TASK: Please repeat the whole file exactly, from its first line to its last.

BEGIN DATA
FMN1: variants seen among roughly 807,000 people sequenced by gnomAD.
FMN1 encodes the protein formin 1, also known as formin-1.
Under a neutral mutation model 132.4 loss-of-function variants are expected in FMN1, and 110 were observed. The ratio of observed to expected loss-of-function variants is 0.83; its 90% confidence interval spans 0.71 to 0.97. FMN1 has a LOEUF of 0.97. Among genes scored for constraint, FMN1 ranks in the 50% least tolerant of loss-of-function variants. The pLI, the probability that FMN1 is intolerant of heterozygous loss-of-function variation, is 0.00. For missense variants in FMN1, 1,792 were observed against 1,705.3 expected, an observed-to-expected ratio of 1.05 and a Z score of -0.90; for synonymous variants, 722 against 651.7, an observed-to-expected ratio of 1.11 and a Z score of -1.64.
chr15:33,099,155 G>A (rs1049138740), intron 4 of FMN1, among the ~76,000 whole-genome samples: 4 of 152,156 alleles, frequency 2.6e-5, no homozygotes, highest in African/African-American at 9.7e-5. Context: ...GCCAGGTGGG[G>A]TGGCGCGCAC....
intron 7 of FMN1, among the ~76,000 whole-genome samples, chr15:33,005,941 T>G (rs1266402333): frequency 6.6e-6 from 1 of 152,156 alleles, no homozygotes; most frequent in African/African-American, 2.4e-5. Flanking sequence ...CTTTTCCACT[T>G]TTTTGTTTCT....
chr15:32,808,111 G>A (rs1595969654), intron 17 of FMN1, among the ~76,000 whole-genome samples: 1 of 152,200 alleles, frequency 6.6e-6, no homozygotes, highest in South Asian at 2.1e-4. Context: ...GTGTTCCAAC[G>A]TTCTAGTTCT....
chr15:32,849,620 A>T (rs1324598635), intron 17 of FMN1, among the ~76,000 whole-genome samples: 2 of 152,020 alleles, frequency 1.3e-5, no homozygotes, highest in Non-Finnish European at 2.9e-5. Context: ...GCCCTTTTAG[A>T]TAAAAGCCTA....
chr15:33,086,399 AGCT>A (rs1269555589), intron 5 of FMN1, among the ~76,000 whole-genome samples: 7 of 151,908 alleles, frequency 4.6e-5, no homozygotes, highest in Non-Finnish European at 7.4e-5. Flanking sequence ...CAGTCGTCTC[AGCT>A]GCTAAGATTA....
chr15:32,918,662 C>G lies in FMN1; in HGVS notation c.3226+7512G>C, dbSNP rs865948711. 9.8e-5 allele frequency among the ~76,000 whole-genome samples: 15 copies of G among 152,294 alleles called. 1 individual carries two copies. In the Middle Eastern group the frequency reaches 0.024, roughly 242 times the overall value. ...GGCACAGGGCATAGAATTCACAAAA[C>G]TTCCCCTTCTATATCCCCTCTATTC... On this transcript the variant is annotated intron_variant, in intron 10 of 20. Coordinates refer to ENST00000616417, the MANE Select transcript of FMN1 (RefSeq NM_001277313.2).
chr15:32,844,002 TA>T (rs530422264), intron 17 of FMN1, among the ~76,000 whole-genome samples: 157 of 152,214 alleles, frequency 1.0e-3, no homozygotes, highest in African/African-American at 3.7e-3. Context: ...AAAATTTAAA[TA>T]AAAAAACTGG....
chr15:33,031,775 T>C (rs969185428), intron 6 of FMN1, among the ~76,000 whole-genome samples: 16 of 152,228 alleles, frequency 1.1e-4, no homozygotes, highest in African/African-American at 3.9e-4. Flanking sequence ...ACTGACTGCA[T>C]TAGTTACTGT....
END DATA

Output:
FMN1: variants seen among roughly 807,000 people sequenced by gnomAD.
FMN1 encodes the protein formin 1, also known as formin-1.
Under a neutral mutation model 132.4 loss-of-function variants are expected in FMN1, and 110 were observed. The ratio of observed to expected loss-of-function variants is 0.83; its 90% confidence interval spans 0.71 to 0.97. FMN1 has a LOEUF of 0.97. Among genes scored for constraint, FMN1 ranks in the 50% least tolerant of loss-of-function variants. The pLI, the probability that FMN1 is intolerant of heterozygous loss-of-function variation, is 0.00. For missense variants in FMN1, 1,792 were observed against 1,705.3 expected, an observed-to-expected ratio of 1.05 and a Z score of -0.90; for synonymous variants, 722 against 651.7, an observed-to-expected ratio of 1.11 and a Z score of -1.64.
chr15:33,099,155 G>A (rs1049138740), intron 4 of FMN1, among the ~76,000 whole-genome samples: 4 of 152,156 alleles, frequency 2.6e-5, no homozygotes, highest in African/African-American at 9.7e-5. Context: ...GCCAGGTGGG[G>A]TGGCGCGCAC....
intron 7 of FMN1, among the ~76,000 whole-genome samples, chr15:33,005,941 T>G (rs1266402333): frequency 6.6e-6 from 1 of 152,156 alleles, no homozygotes; most frequent in African/African-American, 2.4e-5. Flanking sequence ...CTTTTCCACT[T>G]TTTTGTTTCT....
chr15:32,808,111 G>A (rs1595969654), intron 17 of FMN1, among the ~76,000 whole-genome samples: 1 of 152,200 alleles, frequency 6.6e-6, no homozygotes, highest in South Asian at 2.1e-4. Context: ...GTGTTCCAAC[G>A]TTCTAGTTCT....
chr15:32,849,620 A>T (rs1324598635), intron 17 of FMN1, among the ~76,000 whole-genome samples: 2 of 152,020 alleles, frequency 1.3e-5, no homozygotes, highest in Non-Finnish European at 2.9e-5. Context: ...GCCCTTTTAG[A>T]TAAAAGCCTA....
chr15:33,086,399 AGCT>A (rs1269555589), intron 5 of FMN1, among the ~76,000 whole-genome samples: 7 of 151,908 alleles, frequency 4.6e-5, no homozygotes, highest in Non-Finnish European at 7.4e-5. Flanking sequence ...CAGTCGTCTC[AGCT>A]GCTAAGATTA....
chr15:32,918,662 C>G lies in FMN1; in HGVS notation c.3226+7512G>C, dbSNP rs865948711. 9.8e-5 allele frequency among the ~76,000 whole-genome samples: 15 copies of G among 152,294 alleles called. 1 individual carries two copies. In the Middle Eastern group the frequency reaches 0.024, roughly 242 times the overall value. ...GGCACAGGGCATAGAATTCACAAAA[C>G]TTCCCCTTCTATATCCCCTCTATTC... On this transcript the variant is annotated intron_variant, in intron 10 of 20. Coordinates refer to ENST00000616417, the MANE Select transcript of FMN1 (RefSeq NM_001277313.2).
chr15:32,844,002 TA>T (rs530422264), intron 17 of FMN1, among the ~76,000 whole-genome samples: 157 of 152,214 alleles, frequency 1.0e-3, no homozygotes, highest in African/African-American at 3.7e-3. Context: ...AAAATTTAAA[TA>T]AAAAAACTGG....
chr15:33,031,775 T>C (rs969185428), intron 6 of FMN1, among the ~76,000 whole-genome samples: 16 of 152,228 alleles, frequency 1.1e-4, no homozygotes, highest in African/African-American at 3.9e-4. Flanking sequence ...ACTGACTGCA[T>C]TAGTTACTGT....